Kim Kardashian was one of several celebrities (including Floyd Mayweather and former NBA star Paul Pierce) to get caught up in a cryptocurrency called EthereumMax, which she allegedly promoted on her social media platforms without disclosing she had been paid to do so. That’s a big problem that got her in trouble with the United States Securities & Exchange Commission, which recently announced a sizable settlement with the reality TV superstar to the tune of $1.6 million.
The SEC press release says Kardashian received $250,000 to promote EMAX tokens on her Instagram account. But by failing to disclose that she was sponsored by the crypto platform, the post ran afoul of SEC regulations about investment endorsements, with particular crackdowns aimed at celebrities sponsoring cryptocurrencies.
FYI, anyone who bought EMAX on the day of Kim’s post and held to this day has seen their investment lose 95% of its value. And here is the infamous post:
Gurbir S. Grewal, Director of the SEC’s Division of Enforcement, puts it like this:
“The federal securities laws are clear that any celebrity or other individual who promotes a crypto asset security must disclose the nature, source, and amount of compensation they received in exchange for the promotion. Investors are entitled to know whether the publicity of a security is unbiased, and Ms. Kardashian failed to disclose this information.”
Kardashian’s settlement with the SEC does not involve her admitting any wrongdoing, but she is agreeing to pay $260,000 in disgorgement (her original fee for the promotion plus interest) and another $1 million fine to settle the matter between herself and the SEC. She has also agreed not to promote any cryptocurrencies for at least three years.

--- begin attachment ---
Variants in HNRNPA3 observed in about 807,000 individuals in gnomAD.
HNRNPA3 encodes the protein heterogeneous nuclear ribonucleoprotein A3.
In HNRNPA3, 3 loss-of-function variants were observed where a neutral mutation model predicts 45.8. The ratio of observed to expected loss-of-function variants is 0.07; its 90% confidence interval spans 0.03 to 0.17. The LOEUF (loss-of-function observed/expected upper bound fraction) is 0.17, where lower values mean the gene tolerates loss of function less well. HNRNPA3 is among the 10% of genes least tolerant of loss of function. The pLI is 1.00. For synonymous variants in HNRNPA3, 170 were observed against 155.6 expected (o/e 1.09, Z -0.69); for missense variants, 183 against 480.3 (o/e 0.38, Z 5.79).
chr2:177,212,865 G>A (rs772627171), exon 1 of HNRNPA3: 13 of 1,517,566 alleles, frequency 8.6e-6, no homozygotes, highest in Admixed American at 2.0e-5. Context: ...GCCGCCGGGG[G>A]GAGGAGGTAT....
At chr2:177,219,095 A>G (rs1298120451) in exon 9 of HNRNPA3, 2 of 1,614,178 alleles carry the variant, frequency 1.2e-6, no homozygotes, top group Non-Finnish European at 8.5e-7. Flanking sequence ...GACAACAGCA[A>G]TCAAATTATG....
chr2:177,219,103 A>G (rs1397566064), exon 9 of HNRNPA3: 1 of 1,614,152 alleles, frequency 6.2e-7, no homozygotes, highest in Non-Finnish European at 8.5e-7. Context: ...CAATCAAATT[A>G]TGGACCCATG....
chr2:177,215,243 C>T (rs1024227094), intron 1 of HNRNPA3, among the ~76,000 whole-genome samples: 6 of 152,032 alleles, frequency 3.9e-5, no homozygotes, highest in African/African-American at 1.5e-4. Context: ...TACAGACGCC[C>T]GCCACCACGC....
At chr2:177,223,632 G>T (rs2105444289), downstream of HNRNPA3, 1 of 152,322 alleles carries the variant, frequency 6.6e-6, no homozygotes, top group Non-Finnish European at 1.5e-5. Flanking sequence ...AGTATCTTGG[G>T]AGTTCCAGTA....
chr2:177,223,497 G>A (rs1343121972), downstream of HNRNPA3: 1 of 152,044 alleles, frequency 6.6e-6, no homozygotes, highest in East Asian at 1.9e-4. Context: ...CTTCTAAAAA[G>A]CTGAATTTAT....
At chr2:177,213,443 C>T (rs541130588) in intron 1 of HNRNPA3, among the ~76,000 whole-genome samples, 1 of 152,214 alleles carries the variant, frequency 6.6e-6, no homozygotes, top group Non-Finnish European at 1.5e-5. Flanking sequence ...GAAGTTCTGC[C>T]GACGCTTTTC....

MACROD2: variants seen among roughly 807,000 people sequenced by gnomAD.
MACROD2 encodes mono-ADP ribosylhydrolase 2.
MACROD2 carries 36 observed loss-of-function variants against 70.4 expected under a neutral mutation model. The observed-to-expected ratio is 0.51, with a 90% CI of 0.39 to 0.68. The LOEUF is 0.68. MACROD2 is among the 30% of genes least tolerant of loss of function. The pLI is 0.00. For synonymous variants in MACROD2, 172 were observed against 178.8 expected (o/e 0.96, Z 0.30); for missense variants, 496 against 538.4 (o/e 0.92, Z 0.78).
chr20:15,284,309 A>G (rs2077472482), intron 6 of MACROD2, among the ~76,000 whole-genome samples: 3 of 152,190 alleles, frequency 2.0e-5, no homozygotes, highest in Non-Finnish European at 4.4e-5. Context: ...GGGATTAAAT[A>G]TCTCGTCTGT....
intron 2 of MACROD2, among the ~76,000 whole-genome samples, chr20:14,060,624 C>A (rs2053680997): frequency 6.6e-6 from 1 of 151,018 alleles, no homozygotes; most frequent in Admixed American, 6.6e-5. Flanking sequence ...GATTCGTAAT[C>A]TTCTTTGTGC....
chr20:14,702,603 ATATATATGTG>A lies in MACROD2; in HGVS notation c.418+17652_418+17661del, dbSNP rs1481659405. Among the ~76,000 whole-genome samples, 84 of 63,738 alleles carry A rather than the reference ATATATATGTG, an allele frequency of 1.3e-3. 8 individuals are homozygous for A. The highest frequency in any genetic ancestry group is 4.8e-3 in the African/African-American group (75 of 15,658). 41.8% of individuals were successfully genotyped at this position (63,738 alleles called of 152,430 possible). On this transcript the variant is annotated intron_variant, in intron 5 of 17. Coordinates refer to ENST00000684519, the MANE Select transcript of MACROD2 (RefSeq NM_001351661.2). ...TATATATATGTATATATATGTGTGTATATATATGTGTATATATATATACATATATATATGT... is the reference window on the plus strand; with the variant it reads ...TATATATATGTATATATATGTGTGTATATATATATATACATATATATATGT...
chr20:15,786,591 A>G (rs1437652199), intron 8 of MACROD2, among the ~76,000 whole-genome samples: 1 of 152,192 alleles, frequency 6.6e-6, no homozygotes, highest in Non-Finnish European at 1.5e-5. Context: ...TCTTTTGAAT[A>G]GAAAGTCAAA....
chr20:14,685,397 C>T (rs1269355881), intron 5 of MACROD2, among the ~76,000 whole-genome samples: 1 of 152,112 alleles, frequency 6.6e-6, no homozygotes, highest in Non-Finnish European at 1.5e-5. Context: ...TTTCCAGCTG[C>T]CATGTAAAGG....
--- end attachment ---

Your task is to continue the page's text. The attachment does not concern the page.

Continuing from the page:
The EthereumMax case is the SEC’s way of waving a bright red flag about taking investment cues from social media celebrities or influencers, and SEC Chair Gary Gensler adds in the press statement that it will hopefully serve as a reminder to other such figures not to make the same mistake she did:
“Ms. Kardashian’s case also serves as a reminder to celebrities and others that the law requires them to disclose to the public when and how much they are paid to promote investing in securities.”
For Kardashian’s part, she hasn’t commented on the settlement outside of a basic statement from her attorney touting her cooperation with the SEC and eagerness “to get this matter behind her to avoid a protracted dispute.” While the SEC’s own investigation into EthereumMax is continuing, it appears that Kardashian’s part in the case is now behind her.